Train experience to Winchester

The journey begins. Coffee in hand (coconut latte from the local independent), heading off to Victoria station on an unusually sunny October Saturday morning. Lots of families with young children on the Victoria Line, probably looking for a green patch in… Green Park?

Arriving at Victoria Station was an easy affair. As I came out of the tube, the smell of bacon butties and pastries engulfed me, but alas, my priority was getting the ticket first. Coffee still in hand, I fumbled around with my purse, finally managing to dig out the email with the booking number. 
There was no queue at the self-service machine, but a massive queue of people with trolleys at the standard (traditional) ticket desks. Side stepping that, still fumbling in my bag, careful not to spill any coffee on myself, I made my way to a self-service ticket machine to be greeted by a message saying “please choose railcard type”. No railcard type here, so I pressed to start again and choose my prepaid tickets. 
I was a bit disconcerted by a message “please enter the card you used to pay for the ticket”. I did not have that card so I restarted my journey, thinking I might have missed something. A second attempt and I entered a card, not THE card, praying it would work. It did! They finally asked for my booking number and the tickets were swiftly printed. As soon as that was done I could hear the PA: “the 10:25 train to Horsham is departing from platform 11. First stop Clapham Junction”. Knowing I had to stop at Clapham Junction and change for the South Western Railway to Winchester I hurried. With only 5 min to spare I made my way to the platform and onto the train. It was the Southern line. Fairly clean and not too packed. Wi-Fi picked up almost immediately and good connection too.  Across the aisle, a French group were chattering deliciously about food, whilst eating bread rolls. My stomach grumbled as I realised I had skipped breakfast again. 
At Clapham junction I was met with a bit of a difficulty, which was promptly solved by good old Google who knows exactly what platform the train to Winchester was leaving for. Platform 9 (unfortunately not 9 and 3/4). And I have 10 min to spare. What Clapham junction lacks in terms of notice boards (either that or I didn’t look hard enough) makes up for in bagels and pasties. However, I had little time to deliberate and I chose a massive salted pretzel, which made me very thirsty indeed.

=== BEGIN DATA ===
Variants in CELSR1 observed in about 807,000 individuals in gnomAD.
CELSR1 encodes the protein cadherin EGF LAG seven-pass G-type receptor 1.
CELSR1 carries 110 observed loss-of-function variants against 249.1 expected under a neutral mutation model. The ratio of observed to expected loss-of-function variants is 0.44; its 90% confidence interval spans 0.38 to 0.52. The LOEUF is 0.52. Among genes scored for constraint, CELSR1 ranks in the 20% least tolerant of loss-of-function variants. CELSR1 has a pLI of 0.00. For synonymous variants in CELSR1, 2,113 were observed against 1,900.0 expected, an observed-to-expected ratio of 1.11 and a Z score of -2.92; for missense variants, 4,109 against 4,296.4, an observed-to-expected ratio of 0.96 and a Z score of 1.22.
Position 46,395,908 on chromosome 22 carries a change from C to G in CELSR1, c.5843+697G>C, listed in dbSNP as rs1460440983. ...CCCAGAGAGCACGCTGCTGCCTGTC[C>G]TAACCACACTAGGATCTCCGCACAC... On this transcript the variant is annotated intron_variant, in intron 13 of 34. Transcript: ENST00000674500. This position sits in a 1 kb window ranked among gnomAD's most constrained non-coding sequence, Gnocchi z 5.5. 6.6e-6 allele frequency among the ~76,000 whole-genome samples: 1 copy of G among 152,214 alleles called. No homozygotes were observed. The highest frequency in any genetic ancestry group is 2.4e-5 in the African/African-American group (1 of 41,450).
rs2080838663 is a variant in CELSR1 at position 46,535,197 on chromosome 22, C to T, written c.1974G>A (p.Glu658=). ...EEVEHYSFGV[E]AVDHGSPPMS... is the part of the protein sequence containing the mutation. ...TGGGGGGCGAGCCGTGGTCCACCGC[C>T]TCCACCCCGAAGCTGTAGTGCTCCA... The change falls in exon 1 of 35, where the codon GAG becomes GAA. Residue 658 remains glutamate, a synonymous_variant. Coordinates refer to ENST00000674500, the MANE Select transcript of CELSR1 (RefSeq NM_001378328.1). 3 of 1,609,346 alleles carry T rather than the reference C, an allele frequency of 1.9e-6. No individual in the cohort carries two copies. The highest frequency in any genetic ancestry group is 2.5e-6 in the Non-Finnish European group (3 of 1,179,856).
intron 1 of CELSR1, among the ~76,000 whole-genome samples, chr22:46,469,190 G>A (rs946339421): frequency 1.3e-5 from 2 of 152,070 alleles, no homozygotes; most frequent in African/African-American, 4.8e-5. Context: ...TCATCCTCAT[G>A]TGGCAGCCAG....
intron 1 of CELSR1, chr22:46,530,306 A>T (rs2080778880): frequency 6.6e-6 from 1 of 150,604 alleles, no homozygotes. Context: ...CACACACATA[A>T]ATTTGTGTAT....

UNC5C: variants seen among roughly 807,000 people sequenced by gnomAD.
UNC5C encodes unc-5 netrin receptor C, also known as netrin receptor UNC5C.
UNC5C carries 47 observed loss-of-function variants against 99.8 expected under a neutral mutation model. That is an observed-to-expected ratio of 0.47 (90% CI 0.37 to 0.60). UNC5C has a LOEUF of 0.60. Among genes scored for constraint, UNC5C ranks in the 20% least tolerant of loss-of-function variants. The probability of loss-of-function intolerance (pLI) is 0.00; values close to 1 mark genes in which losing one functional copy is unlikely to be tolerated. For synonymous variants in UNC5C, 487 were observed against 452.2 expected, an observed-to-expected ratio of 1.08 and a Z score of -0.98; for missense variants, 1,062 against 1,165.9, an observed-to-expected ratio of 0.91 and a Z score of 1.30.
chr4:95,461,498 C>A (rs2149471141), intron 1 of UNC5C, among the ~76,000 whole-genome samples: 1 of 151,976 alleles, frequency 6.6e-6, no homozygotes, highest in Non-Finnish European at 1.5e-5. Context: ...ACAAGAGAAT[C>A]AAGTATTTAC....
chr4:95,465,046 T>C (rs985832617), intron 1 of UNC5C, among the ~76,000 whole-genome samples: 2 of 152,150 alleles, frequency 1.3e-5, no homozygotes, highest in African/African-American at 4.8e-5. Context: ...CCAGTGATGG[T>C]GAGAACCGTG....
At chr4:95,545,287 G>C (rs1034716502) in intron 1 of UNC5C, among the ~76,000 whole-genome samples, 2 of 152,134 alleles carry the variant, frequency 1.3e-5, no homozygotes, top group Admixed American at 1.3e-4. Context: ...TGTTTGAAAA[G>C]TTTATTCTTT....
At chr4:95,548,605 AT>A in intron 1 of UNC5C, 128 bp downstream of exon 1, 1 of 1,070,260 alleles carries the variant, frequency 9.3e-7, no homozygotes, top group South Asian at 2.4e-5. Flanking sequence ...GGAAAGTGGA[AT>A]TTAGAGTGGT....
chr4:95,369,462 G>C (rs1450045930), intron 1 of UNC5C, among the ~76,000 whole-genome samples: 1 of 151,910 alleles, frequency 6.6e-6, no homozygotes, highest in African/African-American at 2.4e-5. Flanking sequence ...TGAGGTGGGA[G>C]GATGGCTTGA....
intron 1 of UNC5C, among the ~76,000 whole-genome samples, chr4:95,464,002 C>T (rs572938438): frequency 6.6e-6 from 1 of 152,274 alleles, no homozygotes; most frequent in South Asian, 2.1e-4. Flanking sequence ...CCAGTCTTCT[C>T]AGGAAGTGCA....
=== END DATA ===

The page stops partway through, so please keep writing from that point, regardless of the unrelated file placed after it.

The train arrives with a gentle puff and the red upholstery of the seats which can be seen from outside gives it a posh appearance indeed.
As I take my seat (unallocated seating) I notice there are no charging sockets on this train. The trays are a bit small so I can only place my laptop on them. The coffee cup will have to sit on the tray belonging to the seat next to me. The Wi-Fi is a bit slow but at least it’s there. It’s taking me to the South Western Railway website which is a very colourful and animated experience.

I discover with a twang of disappointment that this seat makes it rather hard to do any work on it. The trays are definitely not designed for any laptops or work to be done on them, as the laptop keeps sliding off. But I don’t like to complain too much. The train carriage is very quiet and pleasant. A young lady is enjoying her yoghurt granola breakfast across the aisle, while on the seat behind her, a man in his 60s is doing the crossword puzzle. There’s no chatting among friends (yet) as this carriage is mostly filled with lone travellers. So far. This works for me as I managed to fill the empty seat next to me with my belongings. 

the Wi-Fi isn’t strong enough for me to upload my lovely pictures onto captureme, but I will make another attempt shortly. As we arrive in Farnborough, attempt at decency prompts me to clear the empty seat next to me. 

The train carriage is a bit livelier now, with 3 blokes having some breakfast beer (Kronenbourg) a few seats in front of me. Place has got a bit chattier but around me, the same quiet people are reading the paper and doing the crossword puzzle. we’ve left Fleet and are approaching Basingstoke. Outside my window things are getting greener by the minute. This pleases me. I spy some beautiful cows basking in the sunshine and I smile. It’s the little things.